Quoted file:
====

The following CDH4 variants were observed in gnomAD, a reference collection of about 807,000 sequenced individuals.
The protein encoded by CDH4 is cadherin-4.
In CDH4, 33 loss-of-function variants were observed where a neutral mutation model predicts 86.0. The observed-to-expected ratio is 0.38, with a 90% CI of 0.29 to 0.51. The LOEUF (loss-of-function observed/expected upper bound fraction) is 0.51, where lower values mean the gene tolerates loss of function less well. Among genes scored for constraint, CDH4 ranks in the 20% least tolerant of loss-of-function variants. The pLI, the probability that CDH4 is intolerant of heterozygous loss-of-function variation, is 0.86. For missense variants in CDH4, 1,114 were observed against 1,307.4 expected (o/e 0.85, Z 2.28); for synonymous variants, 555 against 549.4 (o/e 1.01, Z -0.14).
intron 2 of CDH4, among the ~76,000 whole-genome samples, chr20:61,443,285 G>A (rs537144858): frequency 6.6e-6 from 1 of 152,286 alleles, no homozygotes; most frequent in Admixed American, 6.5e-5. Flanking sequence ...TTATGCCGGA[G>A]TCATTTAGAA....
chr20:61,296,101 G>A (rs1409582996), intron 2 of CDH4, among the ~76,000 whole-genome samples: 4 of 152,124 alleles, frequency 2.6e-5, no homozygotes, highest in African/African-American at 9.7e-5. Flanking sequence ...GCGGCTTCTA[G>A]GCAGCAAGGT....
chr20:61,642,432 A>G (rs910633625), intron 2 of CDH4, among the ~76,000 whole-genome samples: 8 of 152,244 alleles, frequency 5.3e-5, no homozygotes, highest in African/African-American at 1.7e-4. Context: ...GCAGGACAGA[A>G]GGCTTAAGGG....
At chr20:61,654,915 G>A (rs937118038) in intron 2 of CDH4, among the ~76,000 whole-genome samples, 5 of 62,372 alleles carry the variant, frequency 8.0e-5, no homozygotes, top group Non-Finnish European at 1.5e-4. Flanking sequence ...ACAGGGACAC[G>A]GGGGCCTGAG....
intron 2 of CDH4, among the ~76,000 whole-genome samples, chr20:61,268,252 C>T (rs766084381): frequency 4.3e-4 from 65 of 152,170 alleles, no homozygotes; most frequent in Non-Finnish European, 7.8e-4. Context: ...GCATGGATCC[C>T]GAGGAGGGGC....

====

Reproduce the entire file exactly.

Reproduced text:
The following CDH4 variants were observed in gnomAD, a reference collection of about 807,000 sequenced individuals.
The protein encoded by CDH4 is cadherin-4.
In CDH4, 33 loss-of-function variants were observed where a neutral mutation model predicts 86.0. The observed-to-expected ratio is 0.38, with a 90% CI of 0.29 to 0.51. The LOEUF (loss-of-function observed/expected upper bound fraction) is 0.51, where lower values mean the gene tolerates loss of function less well. Among genes scored for constraint, CDH4 ranks in the 20% least tolerant of loss-of-function variants. The pLI, the probability that CDH4 is intolerant of heterozygous loss-of-function variation, is 0.86. For missense variants in CDH4, 1,114 were observed against 1,307.4 expected (o/e 0.85, Z 2.28); for synonymous variants, 555 against 549.4 (o/e 1.01, Z -0.14).
intron 2 of CDH4, among the ~76,000 whole-genome samples, chr20:61,443,285 G>A (rs537144858): frequency 6.6e-6 from 1 of 152,286 alleles, no homozygotes; most frequent in Admixed American, 6.5e-5. Flanking sequence ...TTATGCCGGA[G>A]TCATTTAGAA....
chr20:61,296,101 G>A (rs1409582996), intron 2 of CDH4, among the ~76,000 whole-genome samples: 4 of 152,124 alleles, frequency 2.6e-5, no homozygotes, highest in African/African-American at 9.7e-5. Flanking sequence ...GCGGCTTCTA[G>A]GCAGCAAGGT....
chr20:61,642,432 A>G (rs910633625), intron 2 of CDH4, among the ~76,000 whole-genome samples: 8 of 152,244 alleles, frequency 5.3e-5, no homozygotes, highest in African/African-American at 1.7e-4. Context: ...GCAGGACAGA[A>G]GGCTTAAGGG....
At chr20:61,654,915 G>A (rs937118038) in intron 2 of CDH4, among the ~76,000 whole-genome samples, 5 of 62,372 alleles carry the variant, frequency 8.0e-5, no homozygotes, top group Non-Finnish European at 1.5e-4. Flanking sequence ...ACAGGGACAC[G>A]GGGGCCTGAG....
intron 2 of CDH4, among the ~76,000 whole-genome samples, chr20:61,268,252 C>T (rs766084381): frequency 4.3e-4 from 65 of 152,170 alleles, no homozygotes; most frequent in Non-Finnish European, 7.8e-4. Context: ...GCATGGATCC[C>T]GAGGAGGGGC....